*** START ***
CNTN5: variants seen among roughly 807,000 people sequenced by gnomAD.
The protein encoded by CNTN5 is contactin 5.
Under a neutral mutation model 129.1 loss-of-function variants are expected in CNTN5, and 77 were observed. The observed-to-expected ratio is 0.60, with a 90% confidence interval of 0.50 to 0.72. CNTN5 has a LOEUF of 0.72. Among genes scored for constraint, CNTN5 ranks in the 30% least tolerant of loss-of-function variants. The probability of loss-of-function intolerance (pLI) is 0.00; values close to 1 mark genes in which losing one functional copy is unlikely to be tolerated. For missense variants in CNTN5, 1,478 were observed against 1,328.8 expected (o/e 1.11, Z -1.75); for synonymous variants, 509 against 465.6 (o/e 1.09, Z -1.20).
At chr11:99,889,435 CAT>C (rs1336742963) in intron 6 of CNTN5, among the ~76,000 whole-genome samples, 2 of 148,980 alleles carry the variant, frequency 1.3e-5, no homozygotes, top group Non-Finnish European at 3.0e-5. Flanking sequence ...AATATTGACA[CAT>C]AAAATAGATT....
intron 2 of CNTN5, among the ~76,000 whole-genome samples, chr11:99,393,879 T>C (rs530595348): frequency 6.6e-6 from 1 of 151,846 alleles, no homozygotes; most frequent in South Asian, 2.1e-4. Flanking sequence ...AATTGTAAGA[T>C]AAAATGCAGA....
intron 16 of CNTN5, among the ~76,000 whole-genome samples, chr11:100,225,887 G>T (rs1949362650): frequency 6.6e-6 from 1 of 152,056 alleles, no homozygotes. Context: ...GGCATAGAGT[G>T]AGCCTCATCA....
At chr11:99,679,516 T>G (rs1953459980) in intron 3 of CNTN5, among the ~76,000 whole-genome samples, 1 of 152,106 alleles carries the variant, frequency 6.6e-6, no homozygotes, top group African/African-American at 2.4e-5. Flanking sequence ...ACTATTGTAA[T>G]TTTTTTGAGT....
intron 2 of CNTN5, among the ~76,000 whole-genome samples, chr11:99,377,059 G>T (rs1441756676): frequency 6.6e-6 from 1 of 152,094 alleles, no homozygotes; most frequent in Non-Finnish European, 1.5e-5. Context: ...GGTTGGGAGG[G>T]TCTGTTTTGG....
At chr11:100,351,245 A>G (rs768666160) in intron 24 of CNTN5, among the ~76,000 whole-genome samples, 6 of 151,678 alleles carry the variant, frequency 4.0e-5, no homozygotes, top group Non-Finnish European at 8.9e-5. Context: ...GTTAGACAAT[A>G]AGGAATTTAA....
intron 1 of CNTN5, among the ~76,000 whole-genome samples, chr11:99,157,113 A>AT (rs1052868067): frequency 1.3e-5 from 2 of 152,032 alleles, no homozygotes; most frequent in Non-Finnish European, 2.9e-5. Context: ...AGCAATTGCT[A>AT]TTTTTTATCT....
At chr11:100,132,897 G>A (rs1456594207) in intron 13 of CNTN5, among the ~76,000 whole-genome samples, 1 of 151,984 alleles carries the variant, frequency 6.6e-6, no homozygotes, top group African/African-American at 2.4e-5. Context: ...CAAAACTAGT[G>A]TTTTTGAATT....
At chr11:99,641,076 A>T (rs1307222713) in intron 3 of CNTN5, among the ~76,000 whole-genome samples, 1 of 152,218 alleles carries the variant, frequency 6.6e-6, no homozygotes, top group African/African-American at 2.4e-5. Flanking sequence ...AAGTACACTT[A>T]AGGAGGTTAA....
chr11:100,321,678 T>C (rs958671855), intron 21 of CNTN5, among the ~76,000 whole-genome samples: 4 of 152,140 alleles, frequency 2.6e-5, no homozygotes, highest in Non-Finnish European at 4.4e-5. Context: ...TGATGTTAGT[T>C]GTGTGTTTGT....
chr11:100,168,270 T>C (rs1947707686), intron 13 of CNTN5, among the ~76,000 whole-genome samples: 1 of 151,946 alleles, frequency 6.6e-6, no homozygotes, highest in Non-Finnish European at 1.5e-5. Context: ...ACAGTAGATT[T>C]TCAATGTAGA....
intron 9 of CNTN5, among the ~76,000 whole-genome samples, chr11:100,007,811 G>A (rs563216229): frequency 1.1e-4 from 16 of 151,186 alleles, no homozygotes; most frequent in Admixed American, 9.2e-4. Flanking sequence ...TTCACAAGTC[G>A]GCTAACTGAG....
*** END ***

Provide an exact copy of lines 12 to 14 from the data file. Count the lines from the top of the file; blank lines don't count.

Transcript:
At chr11:99,641,076 A>T (rs1307222713) in intron 3 of CNTN5, among the ~76,000 whole-genome samples, 1 of 152,218 alleles carries the variant, frequency 6.6e-6, no homozygotes, top group African/African-American at 2.4e-5. Flanking sequence ...AAGTACACTT[A>T]AGGAGGTTAA....
chr11:100,321,678 T>C (rs958671855), intron 21 of CNTN5, among the ~76,000 whole-genome samples: 4 of 152,140 alleles, frequency 2.6e-5, no homozygotes, highest in Non-Finnish European at 4.4e-5. Context: ...TGATGTTAGT[T>C]GTGTGTTTGT....
chr11:100,168,270 T>C (rs1947707686), intron 13 of CNTN5, among the ~76,000 whole-genome samples: 1 of 151,946 alleles, frequency 6.6e-6, no homozygotes, highest in Non-Finnish European at 1.5e-5. Context: ...ACAGTAGATT[T>C]TCAATGTAGA....